Imagine that traders will stay only for the measured move: they’ll miss almost half of the overall trend moving higher. This is because the true nature of the head and shoulders pattern is clearly misunderstood.
Project the New Trend
Even after completion, the head and shoulders pattern still has plenty of information to offer. It is showing the path for the new trend that was born. This new trend is identified by connected the two higher-lows in the head and shoulders pattern described above. The result is looking like the following image:
The information contained in the article that describes the way to use a trendline and how to correctly draw it is very useful here. The principle is the same, we’re just connecting two higher-lows with the idea to identify a new trend and the resulting trendline to offer the proper place to enter the new trend. It is beautiful how the entry point in the newly formed trend is the same following the head and shoulders neckline’s retest and the trendline rules. In such an instance, the right direction is reinforced by the fact that two different strategies point to the same trade from the same place. Because the head and shoulders pattern is such a popular reversal pattern, there is plenty of information to be found by a simple Internet search. While in theory everything looks clear, the pattern is distorted and it takes a lot of practice to be able to “see” when a shoulder is forming, to identify the head and to correctly draw the neckline. Like any patterns, the bigger the timeframes they appear on, the stronger the implications. If this is a reversal pattern and it forms on the monthly chart, by the time the measured move is confirmed and the distance traveled, the new trend has bigger implications on the overall picture. Moving forward, we’ll treat one continuation pattern, the bullish or bearish flag, only to show that reversal patterns are not the only ones that can form on a chart. Continuation patterns are as important as price often builds energy to break to new levels and confirm the previous trend of a bigger degree.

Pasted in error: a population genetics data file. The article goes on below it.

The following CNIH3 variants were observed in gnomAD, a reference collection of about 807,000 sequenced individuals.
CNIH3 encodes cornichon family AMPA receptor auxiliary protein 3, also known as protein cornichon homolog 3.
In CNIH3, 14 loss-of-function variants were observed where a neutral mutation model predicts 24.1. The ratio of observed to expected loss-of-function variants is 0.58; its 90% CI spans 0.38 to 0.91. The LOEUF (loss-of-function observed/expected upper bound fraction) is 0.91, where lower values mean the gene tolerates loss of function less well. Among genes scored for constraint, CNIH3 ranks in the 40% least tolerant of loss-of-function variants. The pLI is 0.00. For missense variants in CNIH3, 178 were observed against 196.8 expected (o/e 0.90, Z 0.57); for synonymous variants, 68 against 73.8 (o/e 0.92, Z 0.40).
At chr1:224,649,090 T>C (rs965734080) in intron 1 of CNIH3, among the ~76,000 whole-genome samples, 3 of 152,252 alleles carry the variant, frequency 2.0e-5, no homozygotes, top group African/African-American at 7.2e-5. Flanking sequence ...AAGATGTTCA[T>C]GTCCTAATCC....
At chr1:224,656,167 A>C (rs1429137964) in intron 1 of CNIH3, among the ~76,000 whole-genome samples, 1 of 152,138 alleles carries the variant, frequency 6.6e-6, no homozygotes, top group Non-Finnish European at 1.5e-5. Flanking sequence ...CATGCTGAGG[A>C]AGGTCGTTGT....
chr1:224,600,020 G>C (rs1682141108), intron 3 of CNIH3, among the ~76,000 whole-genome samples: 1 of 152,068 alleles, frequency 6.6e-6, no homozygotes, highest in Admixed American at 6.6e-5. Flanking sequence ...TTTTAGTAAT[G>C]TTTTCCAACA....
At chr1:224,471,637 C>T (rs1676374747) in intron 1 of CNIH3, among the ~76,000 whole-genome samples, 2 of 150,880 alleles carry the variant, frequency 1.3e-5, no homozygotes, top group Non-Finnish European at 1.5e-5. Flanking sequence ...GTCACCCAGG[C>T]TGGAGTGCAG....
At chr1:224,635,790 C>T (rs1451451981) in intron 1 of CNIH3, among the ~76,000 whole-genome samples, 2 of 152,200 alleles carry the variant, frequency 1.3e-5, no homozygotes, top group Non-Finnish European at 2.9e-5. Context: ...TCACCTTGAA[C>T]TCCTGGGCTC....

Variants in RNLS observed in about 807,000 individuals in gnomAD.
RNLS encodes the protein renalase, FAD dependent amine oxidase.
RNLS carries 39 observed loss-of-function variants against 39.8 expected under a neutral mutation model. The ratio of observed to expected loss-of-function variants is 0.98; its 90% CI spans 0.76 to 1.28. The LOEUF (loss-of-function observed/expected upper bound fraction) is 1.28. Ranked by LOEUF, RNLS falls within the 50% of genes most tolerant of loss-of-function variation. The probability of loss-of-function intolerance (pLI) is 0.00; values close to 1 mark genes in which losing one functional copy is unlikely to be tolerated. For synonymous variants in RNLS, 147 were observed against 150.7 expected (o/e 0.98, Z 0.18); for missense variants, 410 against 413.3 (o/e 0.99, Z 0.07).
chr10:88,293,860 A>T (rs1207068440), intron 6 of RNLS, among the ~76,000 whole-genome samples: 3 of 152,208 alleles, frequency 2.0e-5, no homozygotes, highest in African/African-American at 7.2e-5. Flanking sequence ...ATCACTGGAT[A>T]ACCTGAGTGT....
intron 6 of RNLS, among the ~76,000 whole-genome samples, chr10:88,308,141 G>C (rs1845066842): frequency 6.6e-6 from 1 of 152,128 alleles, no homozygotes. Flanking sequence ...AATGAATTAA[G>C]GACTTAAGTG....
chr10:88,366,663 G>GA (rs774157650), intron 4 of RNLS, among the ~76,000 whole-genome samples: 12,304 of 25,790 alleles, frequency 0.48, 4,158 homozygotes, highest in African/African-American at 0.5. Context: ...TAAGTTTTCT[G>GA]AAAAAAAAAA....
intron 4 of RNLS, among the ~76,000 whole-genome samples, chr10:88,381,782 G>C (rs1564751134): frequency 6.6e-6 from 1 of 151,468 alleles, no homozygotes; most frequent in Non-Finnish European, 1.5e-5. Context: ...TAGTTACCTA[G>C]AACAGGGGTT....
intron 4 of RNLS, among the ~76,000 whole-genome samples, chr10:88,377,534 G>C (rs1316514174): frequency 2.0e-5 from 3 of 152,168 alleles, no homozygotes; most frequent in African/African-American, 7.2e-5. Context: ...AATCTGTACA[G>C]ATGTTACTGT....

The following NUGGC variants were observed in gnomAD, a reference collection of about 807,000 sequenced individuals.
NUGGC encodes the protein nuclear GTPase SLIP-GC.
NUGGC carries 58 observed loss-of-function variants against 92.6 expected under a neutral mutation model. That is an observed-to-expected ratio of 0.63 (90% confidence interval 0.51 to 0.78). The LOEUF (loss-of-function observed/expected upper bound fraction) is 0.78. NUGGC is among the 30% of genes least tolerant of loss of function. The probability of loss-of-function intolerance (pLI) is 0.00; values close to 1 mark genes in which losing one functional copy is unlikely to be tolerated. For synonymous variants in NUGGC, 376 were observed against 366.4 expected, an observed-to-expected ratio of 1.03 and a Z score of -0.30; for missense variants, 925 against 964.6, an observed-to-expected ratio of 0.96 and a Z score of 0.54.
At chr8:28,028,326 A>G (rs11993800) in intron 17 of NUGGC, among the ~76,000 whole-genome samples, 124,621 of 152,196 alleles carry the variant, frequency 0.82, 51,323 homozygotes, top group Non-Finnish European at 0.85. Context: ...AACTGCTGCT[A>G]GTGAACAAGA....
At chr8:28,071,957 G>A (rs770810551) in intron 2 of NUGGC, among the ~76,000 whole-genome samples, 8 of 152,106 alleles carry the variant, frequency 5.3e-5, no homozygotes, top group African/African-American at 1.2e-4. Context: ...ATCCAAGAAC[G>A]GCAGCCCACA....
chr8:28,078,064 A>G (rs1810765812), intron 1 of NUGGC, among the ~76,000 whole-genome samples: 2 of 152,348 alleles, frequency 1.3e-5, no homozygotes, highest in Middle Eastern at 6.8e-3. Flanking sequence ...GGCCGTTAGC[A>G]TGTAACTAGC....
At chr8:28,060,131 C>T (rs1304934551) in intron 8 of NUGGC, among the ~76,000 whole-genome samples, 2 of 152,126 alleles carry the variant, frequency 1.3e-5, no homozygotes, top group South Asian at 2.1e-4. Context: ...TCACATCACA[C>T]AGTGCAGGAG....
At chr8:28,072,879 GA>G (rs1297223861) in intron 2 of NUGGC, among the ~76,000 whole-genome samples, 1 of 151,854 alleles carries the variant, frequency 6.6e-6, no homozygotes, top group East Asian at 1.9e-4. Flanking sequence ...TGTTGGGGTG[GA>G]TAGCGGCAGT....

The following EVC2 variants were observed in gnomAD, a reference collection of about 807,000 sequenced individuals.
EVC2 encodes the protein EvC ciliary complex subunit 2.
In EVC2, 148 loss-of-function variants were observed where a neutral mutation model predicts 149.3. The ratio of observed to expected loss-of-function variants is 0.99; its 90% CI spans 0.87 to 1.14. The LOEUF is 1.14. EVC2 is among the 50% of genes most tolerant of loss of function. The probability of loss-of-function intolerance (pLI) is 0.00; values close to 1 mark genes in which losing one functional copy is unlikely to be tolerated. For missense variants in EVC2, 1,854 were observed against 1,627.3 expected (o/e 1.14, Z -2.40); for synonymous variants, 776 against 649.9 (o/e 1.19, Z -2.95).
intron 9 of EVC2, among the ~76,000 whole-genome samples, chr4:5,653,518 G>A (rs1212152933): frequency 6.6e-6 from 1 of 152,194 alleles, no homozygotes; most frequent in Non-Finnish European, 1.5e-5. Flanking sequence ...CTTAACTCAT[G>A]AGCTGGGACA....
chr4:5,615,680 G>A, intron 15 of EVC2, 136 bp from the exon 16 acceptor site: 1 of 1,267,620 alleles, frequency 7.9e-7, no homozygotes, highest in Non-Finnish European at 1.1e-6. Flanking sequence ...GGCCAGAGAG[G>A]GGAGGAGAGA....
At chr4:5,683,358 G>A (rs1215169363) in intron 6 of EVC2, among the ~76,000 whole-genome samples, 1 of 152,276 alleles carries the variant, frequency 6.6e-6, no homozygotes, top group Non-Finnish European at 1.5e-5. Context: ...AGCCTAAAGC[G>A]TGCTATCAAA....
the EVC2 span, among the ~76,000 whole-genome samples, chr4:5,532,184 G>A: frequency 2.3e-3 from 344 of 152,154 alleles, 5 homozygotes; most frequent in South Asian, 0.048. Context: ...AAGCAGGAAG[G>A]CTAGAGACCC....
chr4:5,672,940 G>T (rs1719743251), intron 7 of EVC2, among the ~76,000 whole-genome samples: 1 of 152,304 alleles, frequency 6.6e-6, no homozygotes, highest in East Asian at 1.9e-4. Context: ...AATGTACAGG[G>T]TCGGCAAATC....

Recommended Further Readings
- Forex Trading – Explaining the Concept
– What is forex trading, generalities about trading the currency market.
- Pending Orders Explained
– Different types of pending orders, how to set them, where to find them on the MetaTrader platform, and much more.
- Forex Market Participants
– Who is participating in the Forex market, its structure, componence, and implications of different groups.
- Trading on a Demo Account
– Explaining why trading on a demo account before going on a live one is mandatory for any serious trader.
- Types of Forex Charts
– How many types of Forex charts exist, how to interpret them, advantages and disadvantages of each type, etc.
- Basics of Technical Analysis
– What is technical analysis, why it is important and why traders are using it. Advantages over fundamental analysis are highlighted as well.
- Technical Analysis – Support and Resistance Areas
– Defining what support and resistance areas are, how to find them using technical analysis and why traders are looking to buy into support and sell into resistance.
Other Educational Materials
- Foundations of technical analysis: Computational algorithms, statistical inference, and empirical implementation. Lo, A. W., Mamaysky, H., & Wang, J. (2000). The journal of finance, 55(4), 1705-1770.
- Head and shoulders: Not just a flaky pattern. Osler, C.L. and Chang, P.H., 1995.